We are proud to announce that vCO Team members and VMware labs today released a vCO (4.1) VIX plug-in for the VIX API version 1.10. If you wonder what VIX is here is an extract of the VIX landing page:

"The VIX API allows you to write programs and scripts that automate virtual machine operations, as well as the guests within virtual machines. This API is high-level, easy to use, and practical for both script writers and application programmers. It runs on both Windows and Linux and supports management of VMware Server, Workstation, and Virtual Infrastructure (both ESX and vCenter). Bindings are provided for C, Perl, and COM (Visual Basic, VBscript, C#)"

The plug-in is coming with workflows with the following functionality:

  • Check for directory in guest
  • Check for file in guest
  • Copy file from guest to vCO
  • Copy file from vCO to guest
  • Create directory in guest
  • Create temp file in guest
  • Delete directory in guest
  • Delete file in guest
  • Kill Process in guest
  • Get directory content from guest
  • List Processesin guest
  • Rename file in guest
  • Run program in guest
  • Run script in guest

The plug-in provides the guest functions of the VIX API as vCO Javascript objects and methods to allow users to create workflows to run operations within a Windows / Linux Guest.

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Some methods such as CopyFileFromGuestToHost, CopyFileFromHostToGuest, RunProgramInGuest, RunScriptInGuest and powerOnVM support an asynchronous mode generating a trigger on completion. The asynchronous mode supports a timeout option allowing for example to develop a remediation flow in case the called operation is not returning soon enough.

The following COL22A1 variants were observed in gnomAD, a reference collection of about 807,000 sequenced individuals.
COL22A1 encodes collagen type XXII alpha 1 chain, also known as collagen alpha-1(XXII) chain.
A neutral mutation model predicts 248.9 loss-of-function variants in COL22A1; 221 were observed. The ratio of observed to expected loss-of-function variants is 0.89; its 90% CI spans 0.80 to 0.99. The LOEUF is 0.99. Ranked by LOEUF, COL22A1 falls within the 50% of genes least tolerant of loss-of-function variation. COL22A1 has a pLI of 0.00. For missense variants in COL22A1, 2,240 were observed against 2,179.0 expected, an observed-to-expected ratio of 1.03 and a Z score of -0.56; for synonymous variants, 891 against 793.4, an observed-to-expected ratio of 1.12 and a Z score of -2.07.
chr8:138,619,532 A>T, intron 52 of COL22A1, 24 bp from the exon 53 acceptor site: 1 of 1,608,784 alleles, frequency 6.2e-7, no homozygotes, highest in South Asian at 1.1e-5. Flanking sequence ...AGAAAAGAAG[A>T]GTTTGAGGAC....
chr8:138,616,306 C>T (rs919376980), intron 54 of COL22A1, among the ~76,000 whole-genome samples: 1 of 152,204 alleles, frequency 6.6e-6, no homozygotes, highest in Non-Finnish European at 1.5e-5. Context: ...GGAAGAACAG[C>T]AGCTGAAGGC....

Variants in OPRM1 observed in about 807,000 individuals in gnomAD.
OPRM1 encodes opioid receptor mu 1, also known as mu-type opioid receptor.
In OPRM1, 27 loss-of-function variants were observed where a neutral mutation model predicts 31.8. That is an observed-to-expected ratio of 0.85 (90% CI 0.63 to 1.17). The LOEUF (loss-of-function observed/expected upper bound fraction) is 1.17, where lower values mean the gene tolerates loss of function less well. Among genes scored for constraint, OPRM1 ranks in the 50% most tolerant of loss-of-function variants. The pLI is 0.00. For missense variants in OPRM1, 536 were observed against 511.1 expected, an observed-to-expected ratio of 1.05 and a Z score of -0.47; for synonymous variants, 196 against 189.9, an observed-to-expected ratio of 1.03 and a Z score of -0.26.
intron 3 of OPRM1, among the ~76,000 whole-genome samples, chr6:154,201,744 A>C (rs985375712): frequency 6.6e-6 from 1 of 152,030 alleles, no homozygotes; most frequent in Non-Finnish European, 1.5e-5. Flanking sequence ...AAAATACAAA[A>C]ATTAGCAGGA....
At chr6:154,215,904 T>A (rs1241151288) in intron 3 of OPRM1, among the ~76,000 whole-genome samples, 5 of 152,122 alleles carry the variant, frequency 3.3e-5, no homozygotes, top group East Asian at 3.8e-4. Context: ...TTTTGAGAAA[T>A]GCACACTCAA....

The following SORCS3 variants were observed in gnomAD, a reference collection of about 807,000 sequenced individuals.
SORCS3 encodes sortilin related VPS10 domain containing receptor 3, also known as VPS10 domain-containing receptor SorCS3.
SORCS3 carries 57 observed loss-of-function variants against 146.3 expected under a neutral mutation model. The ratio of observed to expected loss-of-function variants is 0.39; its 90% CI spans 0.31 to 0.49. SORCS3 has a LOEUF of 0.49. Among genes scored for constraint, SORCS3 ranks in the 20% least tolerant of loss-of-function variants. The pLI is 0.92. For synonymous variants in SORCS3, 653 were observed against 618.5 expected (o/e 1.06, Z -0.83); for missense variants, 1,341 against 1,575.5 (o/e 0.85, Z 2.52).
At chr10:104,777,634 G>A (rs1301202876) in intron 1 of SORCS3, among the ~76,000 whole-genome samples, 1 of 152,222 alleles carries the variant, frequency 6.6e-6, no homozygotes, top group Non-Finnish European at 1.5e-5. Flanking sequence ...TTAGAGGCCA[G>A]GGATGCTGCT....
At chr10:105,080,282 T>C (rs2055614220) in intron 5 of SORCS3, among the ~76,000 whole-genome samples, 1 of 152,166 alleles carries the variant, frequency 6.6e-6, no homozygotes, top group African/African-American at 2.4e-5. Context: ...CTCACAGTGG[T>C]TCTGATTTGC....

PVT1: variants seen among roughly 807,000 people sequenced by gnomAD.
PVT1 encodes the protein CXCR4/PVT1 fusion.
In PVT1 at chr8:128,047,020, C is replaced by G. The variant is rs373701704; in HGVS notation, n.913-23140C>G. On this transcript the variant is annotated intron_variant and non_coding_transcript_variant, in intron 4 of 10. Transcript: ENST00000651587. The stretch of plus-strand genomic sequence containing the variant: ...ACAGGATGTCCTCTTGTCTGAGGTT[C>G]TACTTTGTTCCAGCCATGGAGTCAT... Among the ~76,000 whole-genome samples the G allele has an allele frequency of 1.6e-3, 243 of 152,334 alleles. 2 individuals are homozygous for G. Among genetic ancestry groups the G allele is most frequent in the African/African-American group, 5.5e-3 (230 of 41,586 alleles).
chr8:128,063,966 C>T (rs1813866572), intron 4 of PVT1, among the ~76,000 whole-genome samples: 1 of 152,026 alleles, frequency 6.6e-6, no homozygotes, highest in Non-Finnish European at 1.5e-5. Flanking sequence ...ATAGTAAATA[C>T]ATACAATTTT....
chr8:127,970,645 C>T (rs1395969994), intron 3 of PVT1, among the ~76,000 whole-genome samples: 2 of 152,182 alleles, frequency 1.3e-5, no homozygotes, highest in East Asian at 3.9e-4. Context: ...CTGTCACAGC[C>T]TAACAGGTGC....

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This plug-in is also coming with its source code under the MIT License. This allows developer to understand how it was done and to eventually extend it with new functionality. Since VIX does not provide Java bindings the plug-in is interfaced with the 64-bit VIX DLLs through JNA.

You may wonder what are the practical operations specific to the VIX plug-in. Two of the most important features supported are to be able to copy a script to a VM and to run it. This allows for example to handle post provisioning VM operations such as:

  • Apply system settings changes through scripts execution
  • Running commands (i.e Partition and format VM additional drives)
  • Install applications
  • Register the guest OS within an external management application (i.e Patch management, Antivirus)

IT professionals are using several ways to automate these type of operations such as:

  • Custom scripts located within a template or on a remote location started during the installation / Sysprep / RunOnce
  • Remote execution agent based solutions
  • Remote execution tools not requiring agents installation such as PSEXEC or REMCOM

This can work but is not very practical since it requires maintaining scripts or agents within the templates / sysprep, having to handle a lot of presets, permissions and test to make sure script copy and execution works properly in a given environment.

With using VIX the requirements are much less intrusive: Providing vCenter and the VM credential. Then the scripts can be centralized on the vCO server as resource elements or generated on the fly by workflows and applied on VMs as part of a post provisioning process or scheduled maintenance workflows.

Be one of the first one to download, try, rate and comment it on the VMware labs vCO VIX plug-in fling page.